According to the council, enforcement of PED mandates is the responsibility of the card brands. However, PCI SSC General Manager Bob Russo told The Green Sheet in a statement that the PTS requires PIN pads to include "technology that makes the device resistant to tampering.
While the council does not have any insight into this specific breach, what we've read indicates in this case that the devices themselves were switched out and replaced with fraudulent ones." Russo feels the Michaels data theft points out the need for more vigilant security. "Point of sale continues to be a security hotspot," he said.
"Not only must organizations ensure they are PCI compliant by implementing the controls mandated by the standards for the protection of devices and data at the point of sale, but also they must be vigilant in reviewing all transaction equipment and payment terminals to ensure that all seals are intact and no tampering is evident. We always talk about how technology is not enough when it comes to security - people and processes are critical." Russo also noted the PCI DSS website at www.pcisecuritystandards.org contains a guide on how to stop skimming.
Getting the card industry to move to chip technology on its own may not happen, though. "No country has moved to chip and PIN unless the government mandated the change," said Chris Noel, a Senior Vice President with ANXeBusiness Corp. "It's a stretch to say PCI would not be needed if we went to chip and PIN, but it would lessen the need."
Not every expert agrees new chip and PIN technology is needed or warranted. Mark Rasch, Director of Cybersecurity and Privacy Consulting for Computer Sciences Corp., said the Michaels theft may not be "a breach of PCI standards. A data loss is not necessarily a breach. This is a technical definition but a meaningful one. If the thieves are putting fake POS terminals out there, then the store terminals may be functioning correctly, but the thieves just added something to them." Rasch added it's not possible to write contractual requirements to prevent every possible security problem and noted the PCI DSS has had many revisions in its history. "The store is not intended to be Fort Knox," he said. "PCI is a contractual requirement, not a statutory or regulatory requirement."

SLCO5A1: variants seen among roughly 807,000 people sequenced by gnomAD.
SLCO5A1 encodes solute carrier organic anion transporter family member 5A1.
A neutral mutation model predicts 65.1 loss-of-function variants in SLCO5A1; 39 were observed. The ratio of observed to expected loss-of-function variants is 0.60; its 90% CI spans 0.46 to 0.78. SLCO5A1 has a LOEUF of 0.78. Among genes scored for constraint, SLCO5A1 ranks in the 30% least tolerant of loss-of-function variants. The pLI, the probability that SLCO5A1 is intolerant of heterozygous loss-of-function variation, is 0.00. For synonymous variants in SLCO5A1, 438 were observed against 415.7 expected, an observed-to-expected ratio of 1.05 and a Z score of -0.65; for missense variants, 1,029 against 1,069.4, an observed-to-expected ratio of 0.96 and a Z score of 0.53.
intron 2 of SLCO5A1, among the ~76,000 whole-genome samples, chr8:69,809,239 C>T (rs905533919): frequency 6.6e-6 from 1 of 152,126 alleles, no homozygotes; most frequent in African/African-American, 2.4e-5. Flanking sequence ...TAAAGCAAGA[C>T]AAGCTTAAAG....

Rasch believes chip and PIN technology is moderately more secure than mag stripe, but it has disadvantages, too. "If people can swap terminals and capture mag stripe information, they can swap terminals and capture chip and PIN information, too," Rasch said. "There's no difference." Another disadvantage Rasch noted is that the introduction of chip and PIN would be expensive, requiring new cards and readers at every card-accepting retail location.
Rasch encourages merchants to take a holistic, comprehensive approach to cyber security. "PCI compliance is not the end of security, it's the beginning," he said. "Merchants need to think about security from the moment the customer takes their card out of their wallet to the moment the sale is completed and the information stored. They need to start thinking like hackers."
He added that the PCI DSS should be continually updated to reflect new threats. "The whole point of the security standards is not to prevent fraud but to bring fraud down to where we get acceptable levels of loss," he said.